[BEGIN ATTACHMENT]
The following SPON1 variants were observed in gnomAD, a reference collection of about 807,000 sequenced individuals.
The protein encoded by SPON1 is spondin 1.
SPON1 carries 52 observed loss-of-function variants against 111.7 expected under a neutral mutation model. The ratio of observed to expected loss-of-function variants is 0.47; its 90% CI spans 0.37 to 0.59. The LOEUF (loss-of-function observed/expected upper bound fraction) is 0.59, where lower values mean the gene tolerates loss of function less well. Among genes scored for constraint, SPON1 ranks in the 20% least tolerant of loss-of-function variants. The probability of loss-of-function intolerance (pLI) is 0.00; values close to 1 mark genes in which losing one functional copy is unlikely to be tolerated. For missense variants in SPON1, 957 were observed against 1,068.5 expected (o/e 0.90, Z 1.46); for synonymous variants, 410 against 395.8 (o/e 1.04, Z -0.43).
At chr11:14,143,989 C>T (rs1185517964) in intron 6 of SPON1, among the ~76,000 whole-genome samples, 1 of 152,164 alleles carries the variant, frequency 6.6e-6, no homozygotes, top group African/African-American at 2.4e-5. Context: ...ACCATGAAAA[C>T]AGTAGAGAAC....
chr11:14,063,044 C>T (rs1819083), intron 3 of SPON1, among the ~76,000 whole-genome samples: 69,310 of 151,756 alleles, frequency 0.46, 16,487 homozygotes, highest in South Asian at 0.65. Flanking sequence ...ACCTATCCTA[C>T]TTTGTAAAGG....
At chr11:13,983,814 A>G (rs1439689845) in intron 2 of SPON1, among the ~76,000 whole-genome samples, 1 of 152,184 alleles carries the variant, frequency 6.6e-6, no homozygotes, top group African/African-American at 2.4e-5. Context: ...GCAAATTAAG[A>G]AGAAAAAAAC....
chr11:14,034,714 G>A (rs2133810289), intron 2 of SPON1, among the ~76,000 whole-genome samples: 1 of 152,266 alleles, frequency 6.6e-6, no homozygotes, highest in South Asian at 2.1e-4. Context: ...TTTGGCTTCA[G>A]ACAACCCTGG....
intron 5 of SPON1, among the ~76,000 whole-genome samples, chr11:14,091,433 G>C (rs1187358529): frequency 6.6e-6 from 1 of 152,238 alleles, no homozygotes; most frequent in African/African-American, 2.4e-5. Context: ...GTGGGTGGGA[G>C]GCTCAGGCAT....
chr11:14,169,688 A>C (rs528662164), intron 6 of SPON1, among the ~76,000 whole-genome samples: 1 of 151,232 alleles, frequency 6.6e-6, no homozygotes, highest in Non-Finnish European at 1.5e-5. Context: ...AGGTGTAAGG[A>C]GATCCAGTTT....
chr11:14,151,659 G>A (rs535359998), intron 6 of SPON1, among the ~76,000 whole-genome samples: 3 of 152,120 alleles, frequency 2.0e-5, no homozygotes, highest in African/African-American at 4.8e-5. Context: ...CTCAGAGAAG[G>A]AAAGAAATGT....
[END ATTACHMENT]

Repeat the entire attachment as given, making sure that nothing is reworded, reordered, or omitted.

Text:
The following SPON1 variants were observed in gnomAD, a reference collection of about 807,000 sequenced individuals.
The protein encoded by SPON1 is spondin 1.
SPON1 carries 52 observed loss-of-function variants against 111.7 expected under a neutral mutation model. The ratio of observed to expected loss-of-function variants is 0.47; its 90% CI spans 0.37 to 0.59. The LOEUF (loss-of-function observed/expected upper bound fraction) is 0.59, where lower values mean the gene tolerates loss of function less well. Among genes scored for constraint, SPON1 ranks in the 20% least tolerant of loss-of-function variants. The probability of loss-of-function intolerance (pLI) is 0.00; values close to 1 mark genes in which losing one functional copy is unlikely to be tolerated. For missense variants in SPON1, 957 were observed against 1,068.5 expected (o/e 0.90, Z 1.46); for synonymous variants, 410 against 395.8 (o/e 1.04, Z -0.43).
At chr11:14,143,989 C>T (rs1185517964) in intron 6 of SPON1, among the ~76,000 whole-genome samples, 1 of 152,164 alleles carries the variant, frequency 6.6e-6, no homozygotes, top group African/African-American at 2.4e-5. Context: ...ACCATGAAAA[C>T]AGTAGAGAAC....
chr11:14,063,044 C>T (rs1819083), intron 3 of SPON1, among the ~76,000 whole-genome samples: 69,310 of 151,756 alleles, frequency 0.46, 16,487 homozygotes, highest in South Asian at 0.65. Flanking sequence ...ACCTATCCTA[C>T]TTTGTAAAGG....
At chr11:13,983,814 A>G (rs1439689845) in intron 2 of SPON1, among the ~76,000 whole-genome samples, 1 of 152,184 alleles carries the variant, frequency 6.6e-6, no homozygotes, top group African/African-American at 2.4e-5. Context: ...GCAAATTAAG[A>G]AGAAAAAAAC....
chr11:14,034,714 G>A (rs2133810289), intron 2 of SPON1, among the ~76,000 whole-genome samples: 1 of 152,266 alleles, frequency 6.6e-6, no homozygotes, highest in South Asian at 2.1e-4. Context: ...TTTGGCTTCA[G>A]ACAACCCTGG....
intron 5 of SPON1, among the ~76,000 whole-genome samples, chr11:14,091,433 G>C (rs1187358529): frequency 6.6e-6 from 1 of 152,238 alleles, no homozygotes; most frequent in African/African-American, 2.4e-5. Context: ...GTGGGTGGGA[G>C]GCTCAGGCAT....
chr11:14,169,688 A>C (rs528662164), intron 6 of SPON1, among the ~76,000 whole-genome samples: 1 of 151,232 alleles, frequency 6.6e-6, no homozygotes, highest in Non-Finnish European at 1.5e-5. Context: ...AGGTGTAAGG[A>C]GATCCAGTTT....
chr11:14,151,659 G>A (rs535359998), intron 6 of SPON1, among the ~76,000 whole-genome samples: 3 of 152,120 alleles, frequency 2.0e-5, no homozygotes, highest in African/African-American at 4.8e-5. Context: ...CTCAGAGAAG[G>A]AAAGAAATGT....